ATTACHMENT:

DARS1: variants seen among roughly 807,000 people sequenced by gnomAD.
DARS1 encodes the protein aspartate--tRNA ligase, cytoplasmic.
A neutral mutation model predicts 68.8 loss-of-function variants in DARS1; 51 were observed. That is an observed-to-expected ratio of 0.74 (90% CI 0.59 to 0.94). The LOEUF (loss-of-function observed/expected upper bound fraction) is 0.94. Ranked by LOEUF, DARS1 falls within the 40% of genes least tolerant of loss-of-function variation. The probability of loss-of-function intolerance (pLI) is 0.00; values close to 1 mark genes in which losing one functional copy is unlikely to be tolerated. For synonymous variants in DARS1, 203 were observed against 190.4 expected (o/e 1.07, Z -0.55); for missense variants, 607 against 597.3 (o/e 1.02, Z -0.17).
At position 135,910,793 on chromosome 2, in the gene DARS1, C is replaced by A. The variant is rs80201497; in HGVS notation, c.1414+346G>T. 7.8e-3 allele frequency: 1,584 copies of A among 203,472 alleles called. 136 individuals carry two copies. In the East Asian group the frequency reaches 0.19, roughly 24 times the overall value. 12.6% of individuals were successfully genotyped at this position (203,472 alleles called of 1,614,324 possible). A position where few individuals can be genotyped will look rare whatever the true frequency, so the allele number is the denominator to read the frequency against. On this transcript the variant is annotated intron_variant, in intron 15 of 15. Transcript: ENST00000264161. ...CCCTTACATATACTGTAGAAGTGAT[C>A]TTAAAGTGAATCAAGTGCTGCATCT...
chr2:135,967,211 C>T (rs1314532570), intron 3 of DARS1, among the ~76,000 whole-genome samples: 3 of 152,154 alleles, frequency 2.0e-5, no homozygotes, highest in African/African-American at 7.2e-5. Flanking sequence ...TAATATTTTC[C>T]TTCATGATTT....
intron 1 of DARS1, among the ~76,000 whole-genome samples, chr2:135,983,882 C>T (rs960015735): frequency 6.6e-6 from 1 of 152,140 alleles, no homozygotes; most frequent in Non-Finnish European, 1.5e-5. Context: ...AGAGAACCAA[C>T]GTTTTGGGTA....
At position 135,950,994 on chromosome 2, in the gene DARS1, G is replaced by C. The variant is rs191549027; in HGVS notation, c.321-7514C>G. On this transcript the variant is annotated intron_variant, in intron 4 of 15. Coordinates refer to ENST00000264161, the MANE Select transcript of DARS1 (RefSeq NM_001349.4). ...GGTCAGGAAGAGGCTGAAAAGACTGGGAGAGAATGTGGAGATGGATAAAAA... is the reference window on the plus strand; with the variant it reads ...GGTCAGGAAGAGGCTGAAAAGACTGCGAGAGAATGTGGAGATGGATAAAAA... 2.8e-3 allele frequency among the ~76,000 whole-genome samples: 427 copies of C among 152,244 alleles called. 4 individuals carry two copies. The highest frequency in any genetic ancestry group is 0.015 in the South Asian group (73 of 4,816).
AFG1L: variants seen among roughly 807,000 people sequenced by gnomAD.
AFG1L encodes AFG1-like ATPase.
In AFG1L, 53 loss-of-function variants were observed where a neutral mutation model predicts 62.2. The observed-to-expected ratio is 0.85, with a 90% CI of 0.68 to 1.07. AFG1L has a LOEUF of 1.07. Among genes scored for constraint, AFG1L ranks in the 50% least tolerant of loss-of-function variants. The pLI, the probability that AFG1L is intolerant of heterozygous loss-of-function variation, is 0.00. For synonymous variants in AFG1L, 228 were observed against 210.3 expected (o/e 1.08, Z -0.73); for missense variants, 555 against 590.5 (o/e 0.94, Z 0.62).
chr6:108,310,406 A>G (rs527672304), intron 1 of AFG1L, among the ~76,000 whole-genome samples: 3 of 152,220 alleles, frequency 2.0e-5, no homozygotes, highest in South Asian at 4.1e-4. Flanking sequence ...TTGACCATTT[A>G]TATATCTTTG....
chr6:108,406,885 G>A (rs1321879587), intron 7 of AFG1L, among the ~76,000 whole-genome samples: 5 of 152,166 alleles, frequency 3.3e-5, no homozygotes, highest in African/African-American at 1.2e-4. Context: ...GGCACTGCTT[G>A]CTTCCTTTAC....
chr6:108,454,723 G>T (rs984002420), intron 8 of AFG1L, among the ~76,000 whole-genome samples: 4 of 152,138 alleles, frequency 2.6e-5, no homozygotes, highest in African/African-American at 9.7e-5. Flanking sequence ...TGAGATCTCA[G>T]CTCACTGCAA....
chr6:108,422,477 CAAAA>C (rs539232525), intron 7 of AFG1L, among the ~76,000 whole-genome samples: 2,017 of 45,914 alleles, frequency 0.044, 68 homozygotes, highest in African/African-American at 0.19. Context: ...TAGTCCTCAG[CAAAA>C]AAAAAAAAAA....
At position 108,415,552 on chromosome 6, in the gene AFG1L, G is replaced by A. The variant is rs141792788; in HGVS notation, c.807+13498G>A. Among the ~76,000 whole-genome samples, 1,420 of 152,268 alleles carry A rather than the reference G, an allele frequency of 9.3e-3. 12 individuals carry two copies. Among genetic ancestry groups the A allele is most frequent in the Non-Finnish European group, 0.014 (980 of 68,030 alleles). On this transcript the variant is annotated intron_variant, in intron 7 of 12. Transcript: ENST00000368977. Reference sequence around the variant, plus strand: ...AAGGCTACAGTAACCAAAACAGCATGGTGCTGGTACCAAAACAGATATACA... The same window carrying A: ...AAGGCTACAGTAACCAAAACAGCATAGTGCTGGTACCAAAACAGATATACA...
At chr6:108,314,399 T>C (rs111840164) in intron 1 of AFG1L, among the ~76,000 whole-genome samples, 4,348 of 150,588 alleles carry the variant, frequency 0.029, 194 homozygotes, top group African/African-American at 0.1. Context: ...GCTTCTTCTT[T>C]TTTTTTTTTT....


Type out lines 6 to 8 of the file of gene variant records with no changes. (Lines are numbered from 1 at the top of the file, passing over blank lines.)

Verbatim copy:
intron 1 of DARS1, among the ~76,000 whole-genome samples, chr2:135,983,882 C>T (rs960015735): frequency 6.6e-6 from 1 of 152,140 alleles, no homozygotes; most frequent in Non-Finnish European, 1.5e-5. Context: ...AGAGAACCAA[C>T]GTTTTGGGTA....
At position 135,950,994 on chromosome 2, in the gene DARS1, G is replaced by C. The variant is rs191549027; in HGVS notation, c.321-7514C>G. On this transcript the variant is annotated intron_variant, in intron 4 of 15. Coordinates refer to ENST00000264161, the MANE Select transcript of DARS1 (RefSeq NM_001349.4). ...GGTCAGGAAGAGGCTGAAAAGACTGGGAGAGAATGTGGAGATGGATAAAAA... is the reference window on the plus strand; with the variant it reads ...GGTCAGGAAGAGGCTGAAAAGACTGCGAGAGAATGTGGAGATGGATAAAAA... 2.8e-3 allele frequency among the ~76,000 whole-genome samples: 427 copies of C among 152,244 alleles called. 4 individuals carry two copies. The highest frequency in any genetic ancestry group is 0.015 in the South Asian group (73 of 4,816).
AFG1L: variants seen among roughly 807,000 people sequenced by gnomAD.